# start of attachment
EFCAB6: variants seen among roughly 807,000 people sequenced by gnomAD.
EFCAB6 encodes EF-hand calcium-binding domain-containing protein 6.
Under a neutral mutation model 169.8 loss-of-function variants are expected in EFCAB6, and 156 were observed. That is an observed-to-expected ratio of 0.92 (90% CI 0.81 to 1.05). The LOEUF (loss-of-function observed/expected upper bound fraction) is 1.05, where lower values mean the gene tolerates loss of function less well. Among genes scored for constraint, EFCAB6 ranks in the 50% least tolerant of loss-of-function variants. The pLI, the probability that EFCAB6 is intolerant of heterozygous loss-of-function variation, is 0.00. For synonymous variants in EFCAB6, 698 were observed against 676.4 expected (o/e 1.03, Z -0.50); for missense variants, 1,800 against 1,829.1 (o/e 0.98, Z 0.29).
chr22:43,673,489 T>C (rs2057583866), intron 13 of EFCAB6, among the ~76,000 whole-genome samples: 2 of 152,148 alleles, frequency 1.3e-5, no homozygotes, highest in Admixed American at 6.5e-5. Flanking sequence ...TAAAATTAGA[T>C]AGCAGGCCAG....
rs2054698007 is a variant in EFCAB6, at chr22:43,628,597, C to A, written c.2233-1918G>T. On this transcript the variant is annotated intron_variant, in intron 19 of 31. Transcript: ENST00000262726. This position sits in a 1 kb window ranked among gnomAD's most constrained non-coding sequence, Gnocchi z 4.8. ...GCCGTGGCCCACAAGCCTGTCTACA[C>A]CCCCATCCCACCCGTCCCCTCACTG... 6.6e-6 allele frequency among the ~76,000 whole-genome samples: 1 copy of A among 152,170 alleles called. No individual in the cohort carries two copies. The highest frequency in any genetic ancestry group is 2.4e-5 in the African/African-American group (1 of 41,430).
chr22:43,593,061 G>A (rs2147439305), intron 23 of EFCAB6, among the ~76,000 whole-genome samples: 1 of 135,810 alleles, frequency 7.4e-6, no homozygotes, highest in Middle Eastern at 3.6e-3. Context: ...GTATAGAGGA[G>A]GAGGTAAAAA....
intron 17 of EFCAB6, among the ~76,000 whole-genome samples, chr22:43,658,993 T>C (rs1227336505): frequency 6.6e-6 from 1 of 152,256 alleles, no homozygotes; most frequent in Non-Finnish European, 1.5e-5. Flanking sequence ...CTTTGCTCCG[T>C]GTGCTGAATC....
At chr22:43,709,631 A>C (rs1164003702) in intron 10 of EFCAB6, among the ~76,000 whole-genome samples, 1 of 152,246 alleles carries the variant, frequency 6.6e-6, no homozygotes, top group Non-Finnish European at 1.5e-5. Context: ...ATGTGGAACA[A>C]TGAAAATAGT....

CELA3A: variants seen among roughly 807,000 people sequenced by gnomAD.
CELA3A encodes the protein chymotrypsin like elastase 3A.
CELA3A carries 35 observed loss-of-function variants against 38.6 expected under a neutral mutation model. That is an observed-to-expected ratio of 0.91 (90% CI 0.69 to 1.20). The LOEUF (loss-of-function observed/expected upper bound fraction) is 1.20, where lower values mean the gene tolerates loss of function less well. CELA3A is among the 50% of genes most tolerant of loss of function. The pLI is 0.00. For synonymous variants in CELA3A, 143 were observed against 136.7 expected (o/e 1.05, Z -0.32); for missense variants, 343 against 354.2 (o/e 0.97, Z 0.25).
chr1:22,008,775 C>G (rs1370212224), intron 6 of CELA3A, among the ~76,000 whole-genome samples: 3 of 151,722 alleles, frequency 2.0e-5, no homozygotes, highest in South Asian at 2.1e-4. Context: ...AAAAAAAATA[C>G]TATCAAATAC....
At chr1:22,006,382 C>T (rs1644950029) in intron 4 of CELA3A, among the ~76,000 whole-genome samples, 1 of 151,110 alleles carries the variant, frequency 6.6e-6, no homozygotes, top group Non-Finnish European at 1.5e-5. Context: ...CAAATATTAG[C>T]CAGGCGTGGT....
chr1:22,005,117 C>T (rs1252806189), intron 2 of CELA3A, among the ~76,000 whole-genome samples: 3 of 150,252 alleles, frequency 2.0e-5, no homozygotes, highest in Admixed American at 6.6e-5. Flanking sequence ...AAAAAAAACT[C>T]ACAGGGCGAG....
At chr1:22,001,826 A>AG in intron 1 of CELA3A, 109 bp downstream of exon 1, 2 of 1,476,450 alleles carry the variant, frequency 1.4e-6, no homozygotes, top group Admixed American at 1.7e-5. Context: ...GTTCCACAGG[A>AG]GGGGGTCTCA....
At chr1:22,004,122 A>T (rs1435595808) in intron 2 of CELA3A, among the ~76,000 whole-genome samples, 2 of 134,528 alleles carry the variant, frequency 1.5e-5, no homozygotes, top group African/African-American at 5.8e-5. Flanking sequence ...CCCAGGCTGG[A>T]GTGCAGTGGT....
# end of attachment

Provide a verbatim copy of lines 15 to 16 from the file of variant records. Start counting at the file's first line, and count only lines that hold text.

At chr1:22,001,826 A>AG in intron 1 of CELA3A, 109 bp downstream of exon 1, 2 of 1,476,450 alleles carry the variant, frequency 1.4e-6, no homozygotes, top group Admixed American at 1.7e-5. Context: ...GTTCCACAGG[A>AG]GGGGGTCTCA....
At chr1:22,004,122 A>T (rs1435595808) in intron 2 of CELA3A, among the ~76,000 whole-genome samples, 2 of 134,528 alleles carry the variant, frequency 1.5e-5, no homozygotes, top group African/African-American at 5.8e-5. Flanking sequence ...CCCAGGCTGG[A>T]GTGCAGTGGT....